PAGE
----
Nutrient composition and in vitro digestibility of cultivated and non-cultivated plant species found within a Southwestern forage production operation
Nutrient quality of non-cultivated plants in hay or grazing pasture may affect animal feeding behavior, digestive efficiency, forage quality, or a combination of these. Understanding nutritive composition of invasive plants may improve forage and weed management. A 2-year study was conducted to determine the nutrient composition and digestibility of invasive plants growing within the boundaries of 3 alfalfa hay fields and 7 grass pastures (9.75 ha) located at the University of Arizona’s West Agriculture Campus and Campus Agricultural Center (Tucson). Multiple whole above-ground samples of cultivated and non-cultivated species were collected at a maturity of mid-bloom for non-grasses (n = 53) and pre-shatter for grasses (n = 13). Samples were analyzed for DM, ash, NDF, ADF, ADL, CP, and IVTD. Species from 21 plant families were sampled, with the grass (Poaceae) family having the highest specie count (13), and 9 forb families having only 1 specie recorded. Compared to cultivated alfalfa, forb species had greater (P < 0.01) CP (20.2 vs. 15.5 ± 2.85%), ADL (8.5 vs. 3.0 ± 1.74%), and IVTD (75.1 vs. 67.3 ± 3.28%), and grass species had greater (P < 0.01) NDF (53.8 vs. 45.9 ± 3.76%) but lower (P < 0.01) ADF (25.7 vs. 33.6 ± 1.74%). Seven (7) plant families were represented by at least 3 species: amaranth (Amaranthaceae; n = 3), sunflower (Asteraceae; n = 7), mustard (Brassicaceae; n = 7), goosefoot (Chenopodiaceae; n = 5), knotweed (Polygonaceae; n = 4), nightshade (Solanaceae; n = 5), and grass. Within the 7 families, grasses had greatest NDF but least ADL, ash, and IVTD (54.7, 5.7, 11.9, and 64.3%, respectively; P < 0.01). Nightshade species had greatest CP (23.5%; P < 0.01), amaranth species had greatest IVTD and least NDF (84.0 and 29.3%, respectively; P < 0.01), and mustard species had greatest ADL (10.1%; P < 0.01). Greatest variation was observed with DM (SEM range = 2.47 to 16.98 %), and least variation was observed with ADL (SEM range = 0.93 to 4.33 %). Predominant species observed affecting grazing behavior or hay production included junglerice (Echinochloa colonum), bermudagrass (Cynodon dactylon), little mallow (Malva parviflora), and Palmer amaranth (Amaranthus palmerii). Results indicate the presence of non-cultivated plants growing within Southwestern hay and grazing fields may affect forage nutritive quality.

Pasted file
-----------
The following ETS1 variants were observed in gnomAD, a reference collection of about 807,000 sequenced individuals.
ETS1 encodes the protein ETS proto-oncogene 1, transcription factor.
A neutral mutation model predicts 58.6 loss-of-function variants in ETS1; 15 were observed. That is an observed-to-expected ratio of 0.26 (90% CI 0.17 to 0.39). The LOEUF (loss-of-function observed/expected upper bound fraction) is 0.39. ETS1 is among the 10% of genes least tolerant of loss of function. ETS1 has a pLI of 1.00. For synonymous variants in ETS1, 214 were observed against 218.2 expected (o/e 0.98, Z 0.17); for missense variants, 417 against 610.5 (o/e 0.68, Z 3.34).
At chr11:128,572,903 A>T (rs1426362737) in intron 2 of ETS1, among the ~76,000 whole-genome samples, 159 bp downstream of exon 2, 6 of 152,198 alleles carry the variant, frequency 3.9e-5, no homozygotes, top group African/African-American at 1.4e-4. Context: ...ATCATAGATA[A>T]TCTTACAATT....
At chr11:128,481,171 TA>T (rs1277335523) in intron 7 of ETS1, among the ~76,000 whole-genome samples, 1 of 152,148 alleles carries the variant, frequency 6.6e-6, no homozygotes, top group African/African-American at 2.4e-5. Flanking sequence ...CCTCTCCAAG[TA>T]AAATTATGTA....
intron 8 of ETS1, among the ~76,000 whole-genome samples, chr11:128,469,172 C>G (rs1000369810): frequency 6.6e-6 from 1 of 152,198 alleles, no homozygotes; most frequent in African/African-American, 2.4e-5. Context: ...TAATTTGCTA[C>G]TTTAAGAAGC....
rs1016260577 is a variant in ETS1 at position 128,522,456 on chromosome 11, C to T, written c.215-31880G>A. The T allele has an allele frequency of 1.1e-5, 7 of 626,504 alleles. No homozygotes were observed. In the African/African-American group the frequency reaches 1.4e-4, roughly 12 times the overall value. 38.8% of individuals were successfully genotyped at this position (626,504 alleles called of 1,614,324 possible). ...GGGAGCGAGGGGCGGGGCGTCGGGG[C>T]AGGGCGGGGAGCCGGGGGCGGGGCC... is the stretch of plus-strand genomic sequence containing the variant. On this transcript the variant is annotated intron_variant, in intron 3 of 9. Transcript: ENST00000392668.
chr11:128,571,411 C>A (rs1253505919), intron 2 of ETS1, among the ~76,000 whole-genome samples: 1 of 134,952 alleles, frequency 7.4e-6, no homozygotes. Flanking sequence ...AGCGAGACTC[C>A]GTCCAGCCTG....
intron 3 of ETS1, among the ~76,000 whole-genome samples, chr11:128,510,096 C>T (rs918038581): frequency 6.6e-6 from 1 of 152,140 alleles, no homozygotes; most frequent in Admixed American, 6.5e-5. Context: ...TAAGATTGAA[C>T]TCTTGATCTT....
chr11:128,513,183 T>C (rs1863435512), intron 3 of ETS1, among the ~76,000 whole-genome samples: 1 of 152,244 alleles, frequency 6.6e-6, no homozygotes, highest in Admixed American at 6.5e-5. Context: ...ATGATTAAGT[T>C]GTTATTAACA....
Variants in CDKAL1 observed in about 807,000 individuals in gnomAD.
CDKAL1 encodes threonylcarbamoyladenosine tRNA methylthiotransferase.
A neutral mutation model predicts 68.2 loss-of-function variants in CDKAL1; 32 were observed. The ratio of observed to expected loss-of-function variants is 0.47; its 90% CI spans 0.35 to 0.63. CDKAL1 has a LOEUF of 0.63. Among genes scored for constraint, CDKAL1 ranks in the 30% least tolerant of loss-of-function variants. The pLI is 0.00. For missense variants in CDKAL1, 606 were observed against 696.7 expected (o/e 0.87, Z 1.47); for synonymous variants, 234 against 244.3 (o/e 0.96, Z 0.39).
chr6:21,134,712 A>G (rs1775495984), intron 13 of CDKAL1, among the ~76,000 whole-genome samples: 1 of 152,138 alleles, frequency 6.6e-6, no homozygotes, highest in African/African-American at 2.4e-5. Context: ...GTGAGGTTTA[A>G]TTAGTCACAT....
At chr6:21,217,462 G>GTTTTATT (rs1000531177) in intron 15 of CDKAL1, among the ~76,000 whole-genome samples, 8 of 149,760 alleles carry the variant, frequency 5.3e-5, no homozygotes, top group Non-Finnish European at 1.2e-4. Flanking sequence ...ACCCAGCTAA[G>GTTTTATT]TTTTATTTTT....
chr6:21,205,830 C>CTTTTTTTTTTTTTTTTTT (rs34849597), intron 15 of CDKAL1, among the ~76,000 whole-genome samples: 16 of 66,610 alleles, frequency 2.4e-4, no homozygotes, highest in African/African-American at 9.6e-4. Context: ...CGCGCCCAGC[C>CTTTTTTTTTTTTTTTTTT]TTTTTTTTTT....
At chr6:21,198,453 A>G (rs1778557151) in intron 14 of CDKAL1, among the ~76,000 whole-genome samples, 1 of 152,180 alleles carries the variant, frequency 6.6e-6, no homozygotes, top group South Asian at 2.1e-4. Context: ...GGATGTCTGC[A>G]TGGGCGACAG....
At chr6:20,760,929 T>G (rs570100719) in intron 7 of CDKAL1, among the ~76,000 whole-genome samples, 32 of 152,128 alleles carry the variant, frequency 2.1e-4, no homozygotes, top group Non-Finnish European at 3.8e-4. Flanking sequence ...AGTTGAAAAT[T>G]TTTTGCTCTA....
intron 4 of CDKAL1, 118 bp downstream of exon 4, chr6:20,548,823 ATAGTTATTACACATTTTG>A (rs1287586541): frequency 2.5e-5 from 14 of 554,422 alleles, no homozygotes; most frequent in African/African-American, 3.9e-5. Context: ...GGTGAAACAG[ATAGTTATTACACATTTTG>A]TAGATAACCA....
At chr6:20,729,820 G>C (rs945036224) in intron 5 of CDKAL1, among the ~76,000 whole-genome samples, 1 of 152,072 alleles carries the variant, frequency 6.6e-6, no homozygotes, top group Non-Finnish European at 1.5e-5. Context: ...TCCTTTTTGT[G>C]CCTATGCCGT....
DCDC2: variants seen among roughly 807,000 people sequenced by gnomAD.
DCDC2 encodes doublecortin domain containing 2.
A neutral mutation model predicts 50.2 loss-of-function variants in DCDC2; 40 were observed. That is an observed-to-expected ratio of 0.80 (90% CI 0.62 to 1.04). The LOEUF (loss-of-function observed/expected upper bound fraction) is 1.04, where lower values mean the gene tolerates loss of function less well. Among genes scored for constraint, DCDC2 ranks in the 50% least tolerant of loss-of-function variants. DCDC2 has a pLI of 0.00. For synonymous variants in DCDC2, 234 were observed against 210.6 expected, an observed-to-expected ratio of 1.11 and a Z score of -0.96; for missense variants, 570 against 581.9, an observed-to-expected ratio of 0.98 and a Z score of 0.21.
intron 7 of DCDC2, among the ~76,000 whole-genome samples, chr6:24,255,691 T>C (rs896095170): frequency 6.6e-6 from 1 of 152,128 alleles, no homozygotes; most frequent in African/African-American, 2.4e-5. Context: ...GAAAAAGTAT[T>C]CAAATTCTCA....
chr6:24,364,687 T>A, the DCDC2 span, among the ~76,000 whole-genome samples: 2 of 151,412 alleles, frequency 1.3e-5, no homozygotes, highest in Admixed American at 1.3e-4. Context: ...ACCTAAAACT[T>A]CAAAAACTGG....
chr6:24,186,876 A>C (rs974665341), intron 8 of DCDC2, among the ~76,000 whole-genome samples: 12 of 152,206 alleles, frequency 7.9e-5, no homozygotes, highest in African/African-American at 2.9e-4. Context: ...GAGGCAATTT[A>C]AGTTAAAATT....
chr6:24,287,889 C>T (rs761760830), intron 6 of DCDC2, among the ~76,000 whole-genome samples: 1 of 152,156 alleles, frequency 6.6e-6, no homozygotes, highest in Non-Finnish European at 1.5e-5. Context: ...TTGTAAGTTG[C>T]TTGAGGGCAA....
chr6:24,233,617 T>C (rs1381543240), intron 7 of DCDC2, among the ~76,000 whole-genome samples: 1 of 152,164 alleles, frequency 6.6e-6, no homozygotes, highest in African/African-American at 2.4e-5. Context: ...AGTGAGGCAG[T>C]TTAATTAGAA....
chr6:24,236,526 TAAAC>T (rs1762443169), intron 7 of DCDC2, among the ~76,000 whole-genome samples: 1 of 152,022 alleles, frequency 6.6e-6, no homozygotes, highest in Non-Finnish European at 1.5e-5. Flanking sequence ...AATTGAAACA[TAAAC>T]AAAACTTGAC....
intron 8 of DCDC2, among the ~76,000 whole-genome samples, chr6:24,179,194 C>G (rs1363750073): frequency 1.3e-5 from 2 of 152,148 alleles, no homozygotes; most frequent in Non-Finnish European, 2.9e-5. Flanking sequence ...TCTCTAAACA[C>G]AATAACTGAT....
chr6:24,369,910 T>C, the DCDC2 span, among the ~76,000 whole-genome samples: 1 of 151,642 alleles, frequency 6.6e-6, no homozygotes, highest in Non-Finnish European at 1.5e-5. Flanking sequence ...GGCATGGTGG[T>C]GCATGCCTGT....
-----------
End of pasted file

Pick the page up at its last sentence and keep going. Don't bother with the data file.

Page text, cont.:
Keywords: forage, in vitro, invasive plants, nutrient composition